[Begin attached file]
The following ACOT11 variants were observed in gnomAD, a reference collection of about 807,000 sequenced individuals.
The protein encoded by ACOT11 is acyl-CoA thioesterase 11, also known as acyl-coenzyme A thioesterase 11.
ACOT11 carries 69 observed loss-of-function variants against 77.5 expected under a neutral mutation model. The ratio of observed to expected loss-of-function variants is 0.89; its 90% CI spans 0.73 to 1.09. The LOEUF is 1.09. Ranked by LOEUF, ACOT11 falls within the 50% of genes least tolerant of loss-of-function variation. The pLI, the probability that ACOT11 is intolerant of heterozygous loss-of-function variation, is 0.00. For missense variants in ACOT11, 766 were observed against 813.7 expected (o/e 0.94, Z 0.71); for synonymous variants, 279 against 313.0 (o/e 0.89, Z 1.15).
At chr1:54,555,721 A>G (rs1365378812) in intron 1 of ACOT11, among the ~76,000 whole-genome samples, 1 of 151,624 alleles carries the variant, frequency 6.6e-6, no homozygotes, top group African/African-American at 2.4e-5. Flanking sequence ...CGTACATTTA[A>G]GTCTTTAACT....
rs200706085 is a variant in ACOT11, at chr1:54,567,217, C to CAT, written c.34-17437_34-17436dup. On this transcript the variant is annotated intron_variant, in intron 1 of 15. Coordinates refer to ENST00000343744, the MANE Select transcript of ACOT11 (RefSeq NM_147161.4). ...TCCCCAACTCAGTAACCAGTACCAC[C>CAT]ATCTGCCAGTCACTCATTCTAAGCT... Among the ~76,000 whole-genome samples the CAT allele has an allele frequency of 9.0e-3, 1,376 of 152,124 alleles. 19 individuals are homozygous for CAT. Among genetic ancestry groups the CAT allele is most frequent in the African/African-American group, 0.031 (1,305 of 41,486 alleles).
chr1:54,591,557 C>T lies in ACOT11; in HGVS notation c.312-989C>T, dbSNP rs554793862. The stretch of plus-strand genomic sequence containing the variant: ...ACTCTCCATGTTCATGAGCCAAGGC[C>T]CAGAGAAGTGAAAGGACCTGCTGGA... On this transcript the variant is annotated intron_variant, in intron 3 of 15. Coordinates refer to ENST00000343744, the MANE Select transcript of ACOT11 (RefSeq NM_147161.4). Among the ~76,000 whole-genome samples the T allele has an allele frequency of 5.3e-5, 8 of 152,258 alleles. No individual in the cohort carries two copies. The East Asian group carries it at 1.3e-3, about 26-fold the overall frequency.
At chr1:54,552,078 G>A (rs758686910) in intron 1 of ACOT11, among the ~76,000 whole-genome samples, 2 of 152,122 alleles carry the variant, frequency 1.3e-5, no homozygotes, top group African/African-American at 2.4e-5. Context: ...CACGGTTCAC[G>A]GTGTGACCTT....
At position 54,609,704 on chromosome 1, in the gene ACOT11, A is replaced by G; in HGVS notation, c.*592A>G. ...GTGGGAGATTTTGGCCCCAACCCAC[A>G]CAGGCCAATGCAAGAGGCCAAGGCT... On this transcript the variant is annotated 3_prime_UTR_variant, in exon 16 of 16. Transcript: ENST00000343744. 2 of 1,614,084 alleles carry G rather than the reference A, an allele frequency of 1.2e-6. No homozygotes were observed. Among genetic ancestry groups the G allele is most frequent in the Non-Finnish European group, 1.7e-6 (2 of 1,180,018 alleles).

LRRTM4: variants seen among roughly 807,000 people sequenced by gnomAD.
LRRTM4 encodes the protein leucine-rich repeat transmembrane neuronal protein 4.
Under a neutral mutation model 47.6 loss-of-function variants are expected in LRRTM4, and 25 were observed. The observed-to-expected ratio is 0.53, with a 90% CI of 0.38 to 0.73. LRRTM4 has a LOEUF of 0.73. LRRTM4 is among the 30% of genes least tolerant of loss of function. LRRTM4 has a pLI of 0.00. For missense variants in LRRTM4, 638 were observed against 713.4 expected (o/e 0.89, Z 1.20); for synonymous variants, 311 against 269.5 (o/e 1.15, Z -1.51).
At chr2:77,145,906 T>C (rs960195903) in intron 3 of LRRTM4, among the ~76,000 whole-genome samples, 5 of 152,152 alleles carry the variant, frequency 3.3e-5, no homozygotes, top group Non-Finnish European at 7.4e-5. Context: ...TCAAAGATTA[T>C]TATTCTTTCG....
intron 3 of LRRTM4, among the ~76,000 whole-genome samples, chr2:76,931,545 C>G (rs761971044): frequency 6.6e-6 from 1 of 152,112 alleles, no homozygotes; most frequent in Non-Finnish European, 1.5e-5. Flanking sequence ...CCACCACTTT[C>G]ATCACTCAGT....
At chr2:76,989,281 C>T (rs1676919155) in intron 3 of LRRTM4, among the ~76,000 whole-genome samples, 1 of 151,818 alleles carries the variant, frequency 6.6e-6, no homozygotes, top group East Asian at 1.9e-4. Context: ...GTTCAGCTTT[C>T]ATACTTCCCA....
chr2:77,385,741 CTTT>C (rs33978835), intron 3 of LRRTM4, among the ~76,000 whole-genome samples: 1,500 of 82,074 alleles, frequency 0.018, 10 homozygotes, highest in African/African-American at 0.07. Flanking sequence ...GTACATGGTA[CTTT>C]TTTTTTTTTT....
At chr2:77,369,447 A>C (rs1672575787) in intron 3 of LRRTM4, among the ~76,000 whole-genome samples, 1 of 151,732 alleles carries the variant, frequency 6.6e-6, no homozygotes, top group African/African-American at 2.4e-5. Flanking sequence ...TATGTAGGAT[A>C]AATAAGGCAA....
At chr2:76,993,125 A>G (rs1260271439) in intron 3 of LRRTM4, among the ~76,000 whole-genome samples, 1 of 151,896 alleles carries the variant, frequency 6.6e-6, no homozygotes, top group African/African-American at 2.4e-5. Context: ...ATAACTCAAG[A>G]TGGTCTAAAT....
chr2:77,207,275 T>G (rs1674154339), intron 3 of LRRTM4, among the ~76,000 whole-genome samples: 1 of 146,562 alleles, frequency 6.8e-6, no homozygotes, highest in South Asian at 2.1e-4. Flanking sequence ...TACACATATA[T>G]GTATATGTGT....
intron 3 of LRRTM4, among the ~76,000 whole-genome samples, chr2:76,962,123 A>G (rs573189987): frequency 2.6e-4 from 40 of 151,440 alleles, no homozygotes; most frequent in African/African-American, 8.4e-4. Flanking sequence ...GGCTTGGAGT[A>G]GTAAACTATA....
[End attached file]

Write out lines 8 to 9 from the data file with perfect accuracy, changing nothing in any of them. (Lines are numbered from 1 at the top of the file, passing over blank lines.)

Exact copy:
At position 54,609,704 on chromosome 1, in the gene ACOT11, A is replaced by G; in HGVS notation, c.*592A>G. ...GTGGGAGATTTTGGCCCCAACCCAC[A>G]CAGGCCAATGCAAGAGGCCAAGGCT... On this transcript the variant is annotated 3_prime_UTR_variant, in exon 16 of 16. Transcript: ENST00000343744. 2 of 1,614,084 alleles carry G rather than the reference A, an allele frequency of 1.2e-6. No homozygotes were observed. Among genetic ancestry groups the G allele is most frequent in the Non-Finnish European group, 1.7e-6 (2 of 1,180,018 alleles).

LRRTM4: variants seen among roughly 807,000 people sequenced by gnomAD.